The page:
One such bucolic place are the Dragon's Backbone rice terraces of Longsheng, resembling reptile scales, a nearby, but pleasant two-hour distance from Guilin, known for vertical karst-formation mountains. At the pinnacle of the tourist class are the Chinese photo groups that come to this area to record—for themselves, because heaven knows it has been done before—the geometric forms that wrap around the mountain slopes like topographic lines. Perhaps they represent the meticulous alteration of nature. Perhaps they celebrate the cycle of life as symbolized by the cycle of the rice harvest, the promise of the future. For thousands of years, the Chinese have been diligently cultivating their land, toiling endlessly in pursuit of critical harvests. This reliance on the land for so many thousands of years accounts for China's strong rural essence. At Longsheng, there's a palpable reverence for rice in a way that one wouldn't expect to find tourists making a pilgrimage to, like the rolling wheat fields of North Dakota or the Corn Belt of the "I" states.

The fire power that's brought to bear on this limited location is impressive. The high-tech demographic of photo enthusiasts are well equipped with camera gear, with a decided preference for Canon and Gitzo, at least to the informal focus groups on the days we were there. I like to think that the "C" and corporate red of Canon resonate more than the trademarks of other brands. DSLRs are dominant, but a few camera-capable iPads are also present. Through an interpreter, it becomes apparent that these photographers are also well traveled domestically, but one gentleman was proud of his visit to Zion National Park and the slot canyons of Utah.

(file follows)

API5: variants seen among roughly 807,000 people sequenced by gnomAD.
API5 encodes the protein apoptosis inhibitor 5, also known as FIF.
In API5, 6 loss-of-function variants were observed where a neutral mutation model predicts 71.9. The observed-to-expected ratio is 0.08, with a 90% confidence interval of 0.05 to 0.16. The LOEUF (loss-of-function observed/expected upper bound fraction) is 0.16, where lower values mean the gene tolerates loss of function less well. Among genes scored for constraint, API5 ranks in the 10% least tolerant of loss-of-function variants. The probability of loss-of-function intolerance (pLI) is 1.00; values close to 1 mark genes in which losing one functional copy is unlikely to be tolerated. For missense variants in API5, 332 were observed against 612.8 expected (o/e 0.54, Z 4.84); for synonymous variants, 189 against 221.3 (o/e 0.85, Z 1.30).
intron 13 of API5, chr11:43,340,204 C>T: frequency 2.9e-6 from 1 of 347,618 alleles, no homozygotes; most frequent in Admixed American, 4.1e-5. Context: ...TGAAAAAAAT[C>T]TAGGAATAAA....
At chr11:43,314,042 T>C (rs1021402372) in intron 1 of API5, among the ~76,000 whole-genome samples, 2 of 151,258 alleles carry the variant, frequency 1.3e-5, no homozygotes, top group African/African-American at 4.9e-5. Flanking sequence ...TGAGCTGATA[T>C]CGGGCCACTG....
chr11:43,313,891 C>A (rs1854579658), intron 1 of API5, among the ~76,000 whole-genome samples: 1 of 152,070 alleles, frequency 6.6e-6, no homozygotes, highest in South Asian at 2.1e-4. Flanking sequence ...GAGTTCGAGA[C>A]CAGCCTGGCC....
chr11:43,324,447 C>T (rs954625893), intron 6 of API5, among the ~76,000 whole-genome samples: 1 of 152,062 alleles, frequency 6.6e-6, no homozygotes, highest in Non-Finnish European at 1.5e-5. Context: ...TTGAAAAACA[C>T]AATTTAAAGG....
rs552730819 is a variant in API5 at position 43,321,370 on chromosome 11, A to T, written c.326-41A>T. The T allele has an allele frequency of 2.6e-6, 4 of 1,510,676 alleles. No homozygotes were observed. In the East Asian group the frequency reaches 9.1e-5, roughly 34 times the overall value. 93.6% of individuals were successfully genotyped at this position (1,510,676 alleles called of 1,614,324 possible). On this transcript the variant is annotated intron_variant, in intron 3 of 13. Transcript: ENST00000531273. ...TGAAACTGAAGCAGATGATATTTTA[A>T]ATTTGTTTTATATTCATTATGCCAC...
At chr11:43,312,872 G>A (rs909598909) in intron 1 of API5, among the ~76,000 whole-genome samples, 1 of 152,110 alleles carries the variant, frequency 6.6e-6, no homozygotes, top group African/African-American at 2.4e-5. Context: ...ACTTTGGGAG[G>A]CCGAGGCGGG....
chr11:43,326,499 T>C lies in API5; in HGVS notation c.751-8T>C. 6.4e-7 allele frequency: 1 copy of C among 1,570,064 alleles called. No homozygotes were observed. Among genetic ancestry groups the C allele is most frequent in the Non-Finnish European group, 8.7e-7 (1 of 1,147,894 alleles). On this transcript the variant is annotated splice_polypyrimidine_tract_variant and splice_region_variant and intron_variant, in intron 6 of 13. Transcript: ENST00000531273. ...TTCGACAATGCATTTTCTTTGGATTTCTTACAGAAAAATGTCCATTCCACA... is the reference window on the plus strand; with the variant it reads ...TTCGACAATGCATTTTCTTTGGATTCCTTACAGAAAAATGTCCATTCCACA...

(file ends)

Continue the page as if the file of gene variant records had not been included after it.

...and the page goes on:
The geometry of the terraces is particularly visible in early June, immediately after the flooding period when the new shoots are planted and the silvery standing water mirrors the sky that's often gray. Photography and the place are at odds during this rainy season in May and June when precipitation means about 14 inches per month, drenching the predominant greens under a heavy overcast. While Western photographers might be dissuaded by the difficult light, the Chinese seem little deterred, showing a more sensitive appreciation for the reality of the scene and the subtle interplay of sky and water. These popular terraces are associated with the Ping'an village, and though dating back to the Yuan Dynasty, most were constructed 500 years ago during the Ming Dynasty.